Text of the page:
The Man of Many Hats
Even at 72 years old, Tadese is one of the most hardworking and determined fathers in Adi Etot. He’s also the most stylish.
Each time I see Tadese Gebrehiwot, he’s wearing a different hat.
The day we arrive, at the welcome ceremony, it’s a stylish white one. That afternoon, he walks by in a tight-fitting green one. The next morning, a head scarf.
Who is this guy? I wonder.
When I finally get to meet him, it’s one of my first questions: Will you tell me about your hats?
Tadese quickly ducks into his bedroom and emerges with his hands full. “I have three hats!” he replies, excited that I’ve taken notice.
The first one he models is his farming hat. It’s the green one; a simple, woven stocking cap that has seen its share of days in the field.
The next is all cloth. Carefully, Tadese wraps the long fabric strip around his head until it takes a beehive shape. Then he smiles. This wrap is for going to church.
The final hat is by far the most iconic. It’s a white fedora. The kind you’d expect to see at the beach or in a nightclub — but not in Ethiopia. Somehow, it’s perfectly Tadese.
He slips it on, adjusts the brim, and shares that this hat is for special occasions… weddings, social events, visiting a neighboring town.
The hats revealed more about this man than I knew at the time.
Despite the fact that he’s 72 years old, Tadese wakes up every morning, eats a breakfast of spicy honey butter and milk (“it makes me strong”), and heads to the farm.
Most men his age no longer spend their days farming. But Tadese is different. Even though he has sons who can work, he still wants to serve his family.
Instantly, that green hat represents something more than farming. It’s Tadese’s work ethic. His commitment to provide for his family. Devotion. Love.
Tadese goes on to share some of his personal story. He’s lived in this community for 32 years and is a father to six children. His two daughters are the ones he holds most dear.
Years ago, he and his wife found out their youngest daughter, Berekech, was sick with a heart condition that would require medication and regular hospital visits. The four hour bus ride to the clinic in Mekele alone would start to become expensive.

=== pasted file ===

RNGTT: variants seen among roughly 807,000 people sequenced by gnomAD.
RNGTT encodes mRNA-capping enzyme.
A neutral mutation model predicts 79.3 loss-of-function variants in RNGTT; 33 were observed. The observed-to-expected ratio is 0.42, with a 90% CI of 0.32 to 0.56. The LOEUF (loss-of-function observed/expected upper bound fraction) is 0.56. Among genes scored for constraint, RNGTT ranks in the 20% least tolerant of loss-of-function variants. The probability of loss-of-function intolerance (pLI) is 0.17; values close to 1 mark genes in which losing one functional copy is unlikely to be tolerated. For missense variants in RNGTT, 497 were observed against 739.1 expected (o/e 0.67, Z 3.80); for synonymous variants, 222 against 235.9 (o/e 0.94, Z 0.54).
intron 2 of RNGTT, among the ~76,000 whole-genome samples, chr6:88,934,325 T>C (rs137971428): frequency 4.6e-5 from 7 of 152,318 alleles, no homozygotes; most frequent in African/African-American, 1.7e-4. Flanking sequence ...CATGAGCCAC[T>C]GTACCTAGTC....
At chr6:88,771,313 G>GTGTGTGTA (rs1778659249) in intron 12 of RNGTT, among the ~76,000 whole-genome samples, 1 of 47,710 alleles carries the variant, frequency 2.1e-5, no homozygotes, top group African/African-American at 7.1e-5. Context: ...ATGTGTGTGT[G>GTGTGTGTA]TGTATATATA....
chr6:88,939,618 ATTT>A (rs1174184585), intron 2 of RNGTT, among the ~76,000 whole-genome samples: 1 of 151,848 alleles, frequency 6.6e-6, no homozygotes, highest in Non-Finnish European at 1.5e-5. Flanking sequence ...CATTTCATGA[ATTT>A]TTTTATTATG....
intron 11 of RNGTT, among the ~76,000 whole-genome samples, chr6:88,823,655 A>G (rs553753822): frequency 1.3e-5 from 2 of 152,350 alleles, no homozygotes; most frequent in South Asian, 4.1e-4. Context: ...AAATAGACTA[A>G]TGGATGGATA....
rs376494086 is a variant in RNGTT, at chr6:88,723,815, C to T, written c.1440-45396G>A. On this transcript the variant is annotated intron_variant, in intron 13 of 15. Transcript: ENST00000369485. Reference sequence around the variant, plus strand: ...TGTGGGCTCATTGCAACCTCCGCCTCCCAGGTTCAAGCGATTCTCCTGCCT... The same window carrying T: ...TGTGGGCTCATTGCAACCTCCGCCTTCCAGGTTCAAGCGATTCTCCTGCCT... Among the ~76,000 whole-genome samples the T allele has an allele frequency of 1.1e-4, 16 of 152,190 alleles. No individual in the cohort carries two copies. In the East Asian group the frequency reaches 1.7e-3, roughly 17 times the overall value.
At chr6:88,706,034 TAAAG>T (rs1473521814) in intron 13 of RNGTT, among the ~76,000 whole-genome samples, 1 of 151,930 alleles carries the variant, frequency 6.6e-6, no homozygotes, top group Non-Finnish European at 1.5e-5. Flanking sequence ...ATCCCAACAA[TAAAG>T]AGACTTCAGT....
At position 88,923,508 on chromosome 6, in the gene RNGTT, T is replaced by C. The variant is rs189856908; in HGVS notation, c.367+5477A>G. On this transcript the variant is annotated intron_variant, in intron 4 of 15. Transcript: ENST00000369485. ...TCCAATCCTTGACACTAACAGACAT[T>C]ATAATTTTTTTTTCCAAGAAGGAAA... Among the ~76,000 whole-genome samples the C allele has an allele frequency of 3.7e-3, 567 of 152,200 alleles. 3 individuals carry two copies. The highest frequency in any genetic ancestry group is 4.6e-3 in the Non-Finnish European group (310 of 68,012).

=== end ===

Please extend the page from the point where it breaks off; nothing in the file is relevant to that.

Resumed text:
Tadese responded calmly, assuring Berekech not to worry. He put on his going-to-town hat, walked some of the family’s livestock to the market, and sold what he could so they could set aside money for transportation and medicine.
Picturing him wearing that fedora and walking with those goats and cows changed the significance of that hat for me too. It began to represent a different kind of responsibility — a sense of confidence and calmness that instantly eases fear for those around him. Security. Love.
Over the course of our remaining days in his community, I paid closer attention when I saw Tadese. I noticed that he was often with others… leading a group into town, helping his nephew wrangle goats, laughing over coffee and injera with his family.
I saw him spending time with every member of his family — from his parents to his grandchildren.
And I experienced the way he treated me, a stranger. Opening his home. Generously sharing meals. Always a warm greeting. Always a smile.
Tadese made me feel like a relative visiting home for the first time in years.
I didn’t need to see him praying or attending church in his head scarf to give it meaning; it already represented everything I had witnessed: Pride. Vulnerability. Compassion. Leadership. Respect. Kindness. Love.
The most remarkable part of it all is that Adi Etot didn’t have access to clean water when we first visited.
Tadese and his family were spending hours each day walking and waiting to collect dirty water from a murky stream or spring. They were being forced to choose how they’d use the little water they had. And they were more prone to diarrhea and waterborne disease.
An aging body. A sick daughter at home. And the added burdens that come with a life without clean water. Yet here was this smiling man, with all of his hats. Devoted to supporting his family. Eager to ease their worry. Happy to share the little he had with a stranger.
Toward the end of our trip, I asked Tadese what clean water would mean for his family. “Water means life. Clean water protects us from diseases,” he replied. Then he paused, smiled, and added something I’ll never forget:
“If we get clean water, we will be living large.”
Giving a community access to clean water saves families hours of time every day. It gives kids a chance to go to school and parents more opportunity to earn income. It restores health, reduces poverty, and improves futures.
You can help bring clean water to incredible dads like Tadese all over the world. 100% of your gift will serve families in need.